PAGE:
Paula Cole/This Fire (Imago/WB)
Anyone who read the October issue of the Concert Guide already knows that Paula is one of my favorite artists, and this, her sophomore CD, does nothing to diminish my enthusiasm for her music. Whereas 'Harbinger,' her exceptional debut, centered on a troubled upbringing, 'This Fire' moves into adulthood and the growth that involves. She's moved on from "Bethlehem" into the world at large, and as she continues her career it promises to be a most interesting journey indeed. Highly recommended.
Marshall Crenshaw/Miracle of Science (Razor & Tie)
There is a good reason that Crenshaw is a favorite among other songwriters—the man melds words and melodies on a par with the master craftsmen of our generation (Elvis Costello is the first to come to mind). A superb collection of new classics just aching for airplay, it may be his loopy version of "The In Crowd" that might just break him through to the public at large.
Bela Fleck & the Flecktones/Live Art (Warner Bros.)
A two-disc live career retrospective, the world's premiere banjoist leads the world's most unlikely fusion band through a set that features special guests and all sorts of surprises, including a bass solo piece by Victor Wooten that will cause a great many bass player retirements and possibly the only banjo-driven rap tune ever made.
Fairport Convention/Old.New.Borrowed.Blue. (Green Linnet)
The first all-acoustic set by the venerable English folk/rock/roots band is a true delight. Half studio, half live, it features new songs and old favorites, including an 'old' English folk song about cryogenics ("Frozen Man") and one of the best anti-war songs ("The Deserter") since the world went supposedly peacetime.
B Sharp Jazz Quartet/Searching for the One (MAMA)
This disc is proof that not all the new young lions of jazz reside on the east coast. A co-op group of four young L.A. musicians, they play with a depth and maturity far beyond their years, and in addition they write some damn good tunes. Further proof that the future of jazz is safe, and that the torch has not been dropped.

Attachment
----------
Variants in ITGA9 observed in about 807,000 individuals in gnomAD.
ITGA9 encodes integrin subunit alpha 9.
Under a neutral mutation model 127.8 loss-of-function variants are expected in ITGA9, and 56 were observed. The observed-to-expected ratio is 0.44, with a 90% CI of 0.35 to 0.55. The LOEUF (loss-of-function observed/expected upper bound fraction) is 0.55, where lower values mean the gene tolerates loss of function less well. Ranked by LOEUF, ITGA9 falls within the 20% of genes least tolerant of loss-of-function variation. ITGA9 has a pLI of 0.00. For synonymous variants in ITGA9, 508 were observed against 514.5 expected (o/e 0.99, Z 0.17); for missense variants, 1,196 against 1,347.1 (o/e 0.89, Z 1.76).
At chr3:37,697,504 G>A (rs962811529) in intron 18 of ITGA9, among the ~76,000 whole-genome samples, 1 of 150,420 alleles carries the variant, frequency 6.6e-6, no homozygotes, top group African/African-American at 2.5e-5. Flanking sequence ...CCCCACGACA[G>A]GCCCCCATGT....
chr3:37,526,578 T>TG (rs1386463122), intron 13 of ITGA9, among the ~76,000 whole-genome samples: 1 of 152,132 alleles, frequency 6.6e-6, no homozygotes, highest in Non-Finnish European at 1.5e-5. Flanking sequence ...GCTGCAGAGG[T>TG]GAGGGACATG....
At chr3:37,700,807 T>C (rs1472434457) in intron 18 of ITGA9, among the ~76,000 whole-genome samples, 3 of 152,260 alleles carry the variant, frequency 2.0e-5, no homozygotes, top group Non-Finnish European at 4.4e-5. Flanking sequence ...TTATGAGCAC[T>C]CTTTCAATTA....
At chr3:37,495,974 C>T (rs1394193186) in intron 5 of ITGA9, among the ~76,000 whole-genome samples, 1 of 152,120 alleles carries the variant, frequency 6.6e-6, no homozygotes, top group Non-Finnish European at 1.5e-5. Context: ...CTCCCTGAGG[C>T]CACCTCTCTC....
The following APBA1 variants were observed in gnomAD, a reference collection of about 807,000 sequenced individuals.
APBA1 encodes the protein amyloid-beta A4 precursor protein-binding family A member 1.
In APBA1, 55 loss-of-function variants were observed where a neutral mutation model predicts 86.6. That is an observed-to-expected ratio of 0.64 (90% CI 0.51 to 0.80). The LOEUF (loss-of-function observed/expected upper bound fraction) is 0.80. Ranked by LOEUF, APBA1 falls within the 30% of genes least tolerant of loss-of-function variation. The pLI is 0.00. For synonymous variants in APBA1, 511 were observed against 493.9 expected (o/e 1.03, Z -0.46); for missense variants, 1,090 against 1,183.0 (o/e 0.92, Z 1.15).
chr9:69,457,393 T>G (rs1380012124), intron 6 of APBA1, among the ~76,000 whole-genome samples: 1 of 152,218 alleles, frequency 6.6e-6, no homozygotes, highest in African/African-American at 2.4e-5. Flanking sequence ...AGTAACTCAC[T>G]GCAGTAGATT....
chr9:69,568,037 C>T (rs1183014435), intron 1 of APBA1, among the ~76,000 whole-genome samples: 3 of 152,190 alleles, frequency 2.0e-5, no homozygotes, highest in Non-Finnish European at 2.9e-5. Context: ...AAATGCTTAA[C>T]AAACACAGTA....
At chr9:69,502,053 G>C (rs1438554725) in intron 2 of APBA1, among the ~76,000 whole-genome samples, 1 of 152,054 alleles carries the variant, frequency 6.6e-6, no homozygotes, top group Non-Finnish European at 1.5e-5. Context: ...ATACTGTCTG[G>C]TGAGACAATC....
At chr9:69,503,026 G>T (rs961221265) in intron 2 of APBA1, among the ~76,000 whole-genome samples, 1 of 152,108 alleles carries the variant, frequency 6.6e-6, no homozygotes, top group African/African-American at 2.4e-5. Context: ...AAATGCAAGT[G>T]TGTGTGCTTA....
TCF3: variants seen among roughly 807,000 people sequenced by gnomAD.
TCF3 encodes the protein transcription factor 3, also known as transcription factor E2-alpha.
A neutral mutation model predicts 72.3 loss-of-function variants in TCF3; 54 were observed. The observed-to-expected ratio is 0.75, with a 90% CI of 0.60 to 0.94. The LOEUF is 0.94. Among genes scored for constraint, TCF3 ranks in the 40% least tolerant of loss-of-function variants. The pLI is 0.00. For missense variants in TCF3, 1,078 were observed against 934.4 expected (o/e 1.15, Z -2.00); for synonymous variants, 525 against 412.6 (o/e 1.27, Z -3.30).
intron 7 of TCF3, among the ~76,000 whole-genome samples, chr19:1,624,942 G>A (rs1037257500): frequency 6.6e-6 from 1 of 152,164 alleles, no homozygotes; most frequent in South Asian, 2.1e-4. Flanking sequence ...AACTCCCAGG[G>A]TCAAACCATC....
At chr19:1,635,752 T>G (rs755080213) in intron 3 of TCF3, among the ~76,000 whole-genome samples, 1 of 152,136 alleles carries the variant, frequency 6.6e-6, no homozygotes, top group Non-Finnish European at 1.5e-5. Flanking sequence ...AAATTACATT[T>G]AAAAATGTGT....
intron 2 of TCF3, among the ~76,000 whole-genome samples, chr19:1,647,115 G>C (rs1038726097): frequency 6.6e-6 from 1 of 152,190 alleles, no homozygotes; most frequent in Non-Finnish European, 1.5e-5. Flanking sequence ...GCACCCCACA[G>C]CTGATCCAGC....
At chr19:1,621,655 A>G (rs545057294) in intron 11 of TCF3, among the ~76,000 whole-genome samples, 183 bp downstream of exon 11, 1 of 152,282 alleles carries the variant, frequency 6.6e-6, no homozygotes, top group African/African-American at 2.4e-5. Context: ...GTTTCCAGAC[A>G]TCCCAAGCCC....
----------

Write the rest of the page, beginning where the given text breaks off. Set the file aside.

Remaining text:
Imagine the powerchords and pop hooks of 80's new wave grafted on the pulsing, driving dance grooves of the 90's, and you'll have a good picture of what Republica is about. Featuring the hit single "Ready to Go," this London-based is currently taking the U.S. by storm with it's Blondie-for-the-90's sound (hey, I liked Blondie, so this is not a bad thing). If you want to get the party in gear, just set this disc in the tray and hit repeat.
Hiroshima/Urban World Music (Qwest)
I remember seeing this band at the beginning of their career at L.A.'s East/West Players Playhouse and thinking to myself, "Now this is a truly unique band." Their career has taken off from that point and borne fusion fruit—their synthesis of Eastern instruments and Western pop has won them legions of fans worldwide. Ready-made for airplay across a variety of formats, the best tracks of this new CD are the ones that put the koto of June Kuramoto, always the heart and soul of Hiroshima's music, front and center. Check out "Koto's Blues" and "Timekeeper" for proof, and the title track for a case study of cultural fusion at it's finest.
The Posies/Amazing Disgrace (DGC)
The latest by the most melodic of the Seattle bands that have burst on the scene is also their most forceful and hard-edged set yet, but even with the roughness you can still delight in the power hooks that the Posies excel at. A worthy addition to the catalog of a highly-underrated band.
Keiko Matsui/Dreamwalk (Countdown/Unity)
I made the mistake of playing this for a friend—when I wasn't looking, he stole it out of my machine and has 'borrowed' it ever since. The best CD yet by the former child piano prodigy, it is smooth sailing from start to finish—if you are into wave music, it doesn't get much better than this.
Ferron/Still Riot (Earthbeat)